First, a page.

The No. 1 Fundraising Skill Your Board Members Need to Master
Fundraising training is always a bit scary for many board members. Why don't you lighten up a bit with them? Back off from a training session on "the art of the ask" and start them off slowly. Teach them how to spread the word.
Here's the fundraising job I think board members should tackle first: to learn how to be dynamite personal advocates for the cause.
Wouldn't it be wonderful if your board members were at work spreading good news about your organization all over the community?
On my part, I think this is the one job all board members need to do all the time!
I find lots of board members simply don't know what to say when they have the chance to spread the word about their organization. They would love to help, but many are not quite sure how to do it.
Sometimes they feel awkward. They tell me that they grapple for the right words and phrases to convey your important work.
Why not give them some training on messaging at your next board meeting? But remember, exercises mean that they are up and talking and participating. It does not mean that you are presenting to them while they sit passively. If your board members are going to learn anything, you've got to let them engage directly in the exercise.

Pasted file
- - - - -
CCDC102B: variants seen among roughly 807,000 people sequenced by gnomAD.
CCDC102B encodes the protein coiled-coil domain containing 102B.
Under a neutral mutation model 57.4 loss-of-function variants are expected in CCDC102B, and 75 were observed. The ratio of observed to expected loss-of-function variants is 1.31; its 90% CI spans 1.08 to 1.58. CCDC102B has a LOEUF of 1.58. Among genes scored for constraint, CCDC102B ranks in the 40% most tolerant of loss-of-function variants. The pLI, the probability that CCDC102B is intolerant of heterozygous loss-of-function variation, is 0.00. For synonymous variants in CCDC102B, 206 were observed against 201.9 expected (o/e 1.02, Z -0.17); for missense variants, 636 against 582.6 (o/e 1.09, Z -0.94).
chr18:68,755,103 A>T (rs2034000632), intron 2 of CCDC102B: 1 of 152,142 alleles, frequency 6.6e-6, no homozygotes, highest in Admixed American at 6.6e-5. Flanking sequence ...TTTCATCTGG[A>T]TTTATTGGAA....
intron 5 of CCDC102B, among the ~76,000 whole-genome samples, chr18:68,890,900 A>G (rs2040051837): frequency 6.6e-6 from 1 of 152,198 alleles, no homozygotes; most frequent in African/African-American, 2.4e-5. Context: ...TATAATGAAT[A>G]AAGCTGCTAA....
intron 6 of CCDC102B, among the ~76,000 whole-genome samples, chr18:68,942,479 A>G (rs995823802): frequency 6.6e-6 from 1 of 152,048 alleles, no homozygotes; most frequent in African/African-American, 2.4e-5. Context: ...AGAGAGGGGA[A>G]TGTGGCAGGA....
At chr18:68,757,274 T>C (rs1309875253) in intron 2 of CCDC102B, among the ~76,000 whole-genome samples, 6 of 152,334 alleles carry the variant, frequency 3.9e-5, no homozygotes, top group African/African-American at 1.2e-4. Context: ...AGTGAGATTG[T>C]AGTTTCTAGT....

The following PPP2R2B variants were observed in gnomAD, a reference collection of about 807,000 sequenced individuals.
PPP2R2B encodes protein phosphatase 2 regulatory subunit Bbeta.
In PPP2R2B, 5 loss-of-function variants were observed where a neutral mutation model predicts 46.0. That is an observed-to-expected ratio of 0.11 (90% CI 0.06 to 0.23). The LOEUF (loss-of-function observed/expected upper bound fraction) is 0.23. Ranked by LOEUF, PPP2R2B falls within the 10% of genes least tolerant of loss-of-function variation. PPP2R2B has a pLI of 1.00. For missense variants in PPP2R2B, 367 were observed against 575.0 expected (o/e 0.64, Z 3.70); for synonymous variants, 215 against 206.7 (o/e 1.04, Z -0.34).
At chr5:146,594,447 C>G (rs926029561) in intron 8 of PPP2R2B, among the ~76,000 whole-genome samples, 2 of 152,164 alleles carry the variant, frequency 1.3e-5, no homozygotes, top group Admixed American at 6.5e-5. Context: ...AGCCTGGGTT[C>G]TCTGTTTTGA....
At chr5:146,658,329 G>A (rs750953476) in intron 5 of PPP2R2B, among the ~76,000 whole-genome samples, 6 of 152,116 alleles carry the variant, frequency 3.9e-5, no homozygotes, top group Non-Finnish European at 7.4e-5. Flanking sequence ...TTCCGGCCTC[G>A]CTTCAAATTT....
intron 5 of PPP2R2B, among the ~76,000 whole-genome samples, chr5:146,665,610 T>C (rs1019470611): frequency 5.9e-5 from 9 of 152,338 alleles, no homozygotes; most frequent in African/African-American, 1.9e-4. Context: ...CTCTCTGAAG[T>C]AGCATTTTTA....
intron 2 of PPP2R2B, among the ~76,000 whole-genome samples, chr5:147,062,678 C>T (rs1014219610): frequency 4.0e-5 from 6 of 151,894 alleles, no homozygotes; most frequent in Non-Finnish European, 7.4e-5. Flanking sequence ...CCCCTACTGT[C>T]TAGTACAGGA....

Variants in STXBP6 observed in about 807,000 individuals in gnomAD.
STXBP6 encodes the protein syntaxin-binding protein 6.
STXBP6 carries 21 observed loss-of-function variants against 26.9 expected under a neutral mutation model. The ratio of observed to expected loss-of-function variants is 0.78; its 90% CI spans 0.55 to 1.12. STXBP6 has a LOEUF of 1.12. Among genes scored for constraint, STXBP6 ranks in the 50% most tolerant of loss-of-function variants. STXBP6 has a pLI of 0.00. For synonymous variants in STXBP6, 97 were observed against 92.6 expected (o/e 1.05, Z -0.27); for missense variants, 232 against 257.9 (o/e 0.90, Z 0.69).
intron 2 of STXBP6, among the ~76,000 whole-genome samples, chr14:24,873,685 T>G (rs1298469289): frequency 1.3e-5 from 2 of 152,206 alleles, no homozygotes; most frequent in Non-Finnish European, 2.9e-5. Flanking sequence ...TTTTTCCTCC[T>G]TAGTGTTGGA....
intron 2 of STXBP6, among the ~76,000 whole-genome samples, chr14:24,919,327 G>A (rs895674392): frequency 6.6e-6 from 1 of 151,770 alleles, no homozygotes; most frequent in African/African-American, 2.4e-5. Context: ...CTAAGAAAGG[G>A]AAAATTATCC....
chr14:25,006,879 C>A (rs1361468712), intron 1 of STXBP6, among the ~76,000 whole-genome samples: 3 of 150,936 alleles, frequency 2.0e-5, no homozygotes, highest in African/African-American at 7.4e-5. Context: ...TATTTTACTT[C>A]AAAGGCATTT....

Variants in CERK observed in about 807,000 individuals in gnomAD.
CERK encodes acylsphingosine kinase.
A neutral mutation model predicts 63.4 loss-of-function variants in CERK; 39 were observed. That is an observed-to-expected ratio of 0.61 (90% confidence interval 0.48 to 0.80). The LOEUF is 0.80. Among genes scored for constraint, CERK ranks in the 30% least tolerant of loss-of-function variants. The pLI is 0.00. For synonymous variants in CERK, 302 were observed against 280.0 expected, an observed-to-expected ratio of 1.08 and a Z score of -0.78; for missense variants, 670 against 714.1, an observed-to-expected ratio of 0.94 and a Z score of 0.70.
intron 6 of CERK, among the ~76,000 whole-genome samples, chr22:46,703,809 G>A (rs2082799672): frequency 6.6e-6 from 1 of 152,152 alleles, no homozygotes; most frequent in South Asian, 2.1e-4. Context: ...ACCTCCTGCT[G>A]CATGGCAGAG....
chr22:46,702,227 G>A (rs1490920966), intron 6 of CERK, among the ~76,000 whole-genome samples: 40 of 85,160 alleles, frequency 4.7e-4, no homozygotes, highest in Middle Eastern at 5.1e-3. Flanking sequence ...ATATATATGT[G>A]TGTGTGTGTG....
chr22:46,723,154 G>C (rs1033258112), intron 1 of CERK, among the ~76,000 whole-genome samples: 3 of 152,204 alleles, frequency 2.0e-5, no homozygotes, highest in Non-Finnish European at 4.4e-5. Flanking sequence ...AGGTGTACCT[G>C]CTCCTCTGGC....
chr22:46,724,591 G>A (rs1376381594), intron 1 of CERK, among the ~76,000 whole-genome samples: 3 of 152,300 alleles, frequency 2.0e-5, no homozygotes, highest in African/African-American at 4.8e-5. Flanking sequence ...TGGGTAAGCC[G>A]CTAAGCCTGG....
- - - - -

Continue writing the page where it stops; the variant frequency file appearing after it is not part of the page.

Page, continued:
You are really giving them introductory fundraising training — but you are not going to call it that!
- Ask them to share why they care about your organization.
- Ask them to discuss what is exciting about your organization.
- Try putting them in small groups and ask each group to come up with five reasons people should contribute to your organization.
Help them create their own elevator speeches. You can try setting up these elevator speech exercises here and here.
You could also engage your staff and board leaders in a deeper discussion:
- What is going on at your organization?
- What are your biggest challenges right now?
- How much does it cost to help one person or do one good deed? (What's the math?)
- What are you tackling this year in your community, region or the world?
- Why is it so urgent? What is at stake?
I don't know about you, but I think this is interesting stuff. I think devoting your next board meeting to a full-scale discussion of these topics would be an extremely valuable exercise. Right?
And it would give board members "meat" to talk about when they run into someone who might be a potential friend, supporter or donor to your cause.